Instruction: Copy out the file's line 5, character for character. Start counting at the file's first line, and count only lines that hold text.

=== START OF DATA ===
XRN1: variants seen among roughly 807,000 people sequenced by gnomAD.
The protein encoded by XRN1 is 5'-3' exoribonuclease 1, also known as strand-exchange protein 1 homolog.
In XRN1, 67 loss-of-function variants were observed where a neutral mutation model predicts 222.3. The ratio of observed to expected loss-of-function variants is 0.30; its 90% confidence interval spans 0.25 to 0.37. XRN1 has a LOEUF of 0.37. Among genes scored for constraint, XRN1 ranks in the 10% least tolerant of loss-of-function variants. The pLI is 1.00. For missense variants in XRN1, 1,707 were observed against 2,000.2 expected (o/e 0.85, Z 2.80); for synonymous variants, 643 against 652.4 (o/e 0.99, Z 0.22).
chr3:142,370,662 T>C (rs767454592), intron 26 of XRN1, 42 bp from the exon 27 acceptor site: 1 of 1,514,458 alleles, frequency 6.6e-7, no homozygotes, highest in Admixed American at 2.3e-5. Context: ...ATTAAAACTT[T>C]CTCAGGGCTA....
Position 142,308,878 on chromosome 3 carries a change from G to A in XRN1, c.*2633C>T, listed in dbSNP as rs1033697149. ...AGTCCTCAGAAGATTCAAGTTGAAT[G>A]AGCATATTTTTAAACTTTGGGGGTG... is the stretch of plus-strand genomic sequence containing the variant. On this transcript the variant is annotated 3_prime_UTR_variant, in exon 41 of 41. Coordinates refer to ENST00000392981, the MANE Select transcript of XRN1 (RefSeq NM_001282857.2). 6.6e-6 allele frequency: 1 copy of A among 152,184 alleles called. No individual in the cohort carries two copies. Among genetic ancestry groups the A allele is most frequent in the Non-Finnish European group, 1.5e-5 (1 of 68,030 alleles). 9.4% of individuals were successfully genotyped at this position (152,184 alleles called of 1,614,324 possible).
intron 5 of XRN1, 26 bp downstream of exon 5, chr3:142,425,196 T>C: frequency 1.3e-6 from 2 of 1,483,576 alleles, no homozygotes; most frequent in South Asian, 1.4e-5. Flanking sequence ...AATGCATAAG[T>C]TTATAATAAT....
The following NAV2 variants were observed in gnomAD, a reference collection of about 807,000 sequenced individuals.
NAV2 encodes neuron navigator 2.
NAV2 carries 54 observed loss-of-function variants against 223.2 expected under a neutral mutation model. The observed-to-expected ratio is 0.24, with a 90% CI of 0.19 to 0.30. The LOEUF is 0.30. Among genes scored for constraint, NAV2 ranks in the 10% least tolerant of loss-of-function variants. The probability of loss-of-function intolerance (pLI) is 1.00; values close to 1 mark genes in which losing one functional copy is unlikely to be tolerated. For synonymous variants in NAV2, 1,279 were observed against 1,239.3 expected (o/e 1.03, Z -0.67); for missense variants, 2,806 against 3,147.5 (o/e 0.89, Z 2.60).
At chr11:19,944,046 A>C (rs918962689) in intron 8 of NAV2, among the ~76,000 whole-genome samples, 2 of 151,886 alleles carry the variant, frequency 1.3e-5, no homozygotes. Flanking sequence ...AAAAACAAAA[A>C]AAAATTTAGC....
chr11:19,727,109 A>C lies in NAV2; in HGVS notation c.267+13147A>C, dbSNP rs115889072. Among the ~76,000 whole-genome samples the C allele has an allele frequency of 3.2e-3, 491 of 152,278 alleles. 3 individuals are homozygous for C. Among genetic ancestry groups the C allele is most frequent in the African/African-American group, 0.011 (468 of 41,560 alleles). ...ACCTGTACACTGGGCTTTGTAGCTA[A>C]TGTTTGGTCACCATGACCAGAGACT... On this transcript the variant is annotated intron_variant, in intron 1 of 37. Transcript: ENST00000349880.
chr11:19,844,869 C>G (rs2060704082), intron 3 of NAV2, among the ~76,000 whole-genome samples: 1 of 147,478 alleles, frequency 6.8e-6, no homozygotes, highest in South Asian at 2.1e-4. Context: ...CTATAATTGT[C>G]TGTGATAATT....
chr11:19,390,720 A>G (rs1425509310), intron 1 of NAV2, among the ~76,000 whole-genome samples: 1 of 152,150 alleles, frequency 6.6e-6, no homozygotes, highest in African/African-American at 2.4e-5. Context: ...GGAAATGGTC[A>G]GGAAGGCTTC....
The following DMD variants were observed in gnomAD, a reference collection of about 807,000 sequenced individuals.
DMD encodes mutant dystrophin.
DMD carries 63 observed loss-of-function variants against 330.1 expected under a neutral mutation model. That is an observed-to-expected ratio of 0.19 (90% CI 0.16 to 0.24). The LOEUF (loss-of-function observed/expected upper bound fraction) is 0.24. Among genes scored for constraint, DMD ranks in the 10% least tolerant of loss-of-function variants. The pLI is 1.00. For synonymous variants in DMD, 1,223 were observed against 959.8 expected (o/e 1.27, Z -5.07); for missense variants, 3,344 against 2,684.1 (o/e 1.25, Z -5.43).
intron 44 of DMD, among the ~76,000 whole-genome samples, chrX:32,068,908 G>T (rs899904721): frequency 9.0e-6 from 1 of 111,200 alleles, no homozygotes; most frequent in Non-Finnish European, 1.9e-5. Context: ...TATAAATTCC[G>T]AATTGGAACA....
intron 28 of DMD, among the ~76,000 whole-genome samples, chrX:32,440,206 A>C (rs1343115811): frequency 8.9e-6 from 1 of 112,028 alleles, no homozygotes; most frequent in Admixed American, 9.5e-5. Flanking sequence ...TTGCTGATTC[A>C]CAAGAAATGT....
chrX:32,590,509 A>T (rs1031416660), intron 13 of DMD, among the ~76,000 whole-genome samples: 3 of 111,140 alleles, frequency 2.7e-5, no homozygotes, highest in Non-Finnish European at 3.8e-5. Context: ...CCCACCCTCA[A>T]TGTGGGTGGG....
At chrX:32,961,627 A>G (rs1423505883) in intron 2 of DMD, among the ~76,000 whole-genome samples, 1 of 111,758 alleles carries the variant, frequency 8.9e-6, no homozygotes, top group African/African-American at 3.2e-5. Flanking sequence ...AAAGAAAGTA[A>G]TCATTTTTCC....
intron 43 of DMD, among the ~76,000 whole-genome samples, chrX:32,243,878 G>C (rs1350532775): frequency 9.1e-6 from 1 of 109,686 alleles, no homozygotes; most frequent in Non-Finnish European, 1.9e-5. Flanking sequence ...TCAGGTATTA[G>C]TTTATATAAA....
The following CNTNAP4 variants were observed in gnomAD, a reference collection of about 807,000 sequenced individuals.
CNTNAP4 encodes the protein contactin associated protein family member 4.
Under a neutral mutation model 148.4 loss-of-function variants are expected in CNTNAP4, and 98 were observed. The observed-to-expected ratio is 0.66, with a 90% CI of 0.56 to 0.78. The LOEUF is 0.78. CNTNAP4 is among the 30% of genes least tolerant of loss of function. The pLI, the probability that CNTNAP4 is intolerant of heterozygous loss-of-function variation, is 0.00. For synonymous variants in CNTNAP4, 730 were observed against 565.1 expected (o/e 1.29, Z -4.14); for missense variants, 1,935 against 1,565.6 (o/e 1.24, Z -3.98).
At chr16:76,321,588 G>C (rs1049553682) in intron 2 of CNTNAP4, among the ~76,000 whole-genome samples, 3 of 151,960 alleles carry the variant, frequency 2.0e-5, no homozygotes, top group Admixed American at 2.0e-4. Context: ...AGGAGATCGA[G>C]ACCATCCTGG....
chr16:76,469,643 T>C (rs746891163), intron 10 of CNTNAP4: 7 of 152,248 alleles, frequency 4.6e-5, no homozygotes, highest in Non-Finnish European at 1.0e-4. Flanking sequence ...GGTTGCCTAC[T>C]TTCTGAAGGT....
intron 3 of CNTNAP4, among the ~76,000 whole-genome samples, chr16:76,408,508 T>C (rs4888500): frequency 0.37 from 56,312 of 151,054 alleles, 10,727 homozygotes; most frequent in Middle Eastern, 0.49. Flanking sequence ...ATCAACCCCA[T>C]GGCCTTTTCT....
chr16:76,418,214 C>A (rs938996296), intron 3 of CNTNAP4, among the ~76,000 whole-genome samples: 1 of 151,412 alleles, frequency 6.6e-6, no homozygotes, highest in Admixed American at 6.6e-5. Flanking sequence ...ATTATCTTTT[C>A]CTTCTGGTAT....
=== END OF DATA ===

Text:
Position 142,308,878 on chromosome 3 carries a change from G to A in XRN1, c.*2633C>T, listed in dbSNP as rs1033697149. ...AGTCCTCAGAAGATTCAAGTTGAAT[G>A]AGCATATTTTTAAACTTTGGGGGTG... is the stretch of plus-strand genomic sequence containing the variant. On this transcript the variant is annotated 3_prime_UTR_variant, in exon 41 of 41. Coordinates refer to ENST00000392981, the MANE Select transcript of XRN1 (RefSeq NM_001282857.2). 6.6e-6 allele frequency: 1 copy of A among 152,184 alleles called. No individual in the cohort carries two copies. Among genetic ancestry groups the A allele is most frequent in the Non-Finnish European group, 1.5e-5 (1 of 68,030 alleles). 9.4% of individuals were successfully genotyped at this position (152,184 alleles called of 1,614,324 possible).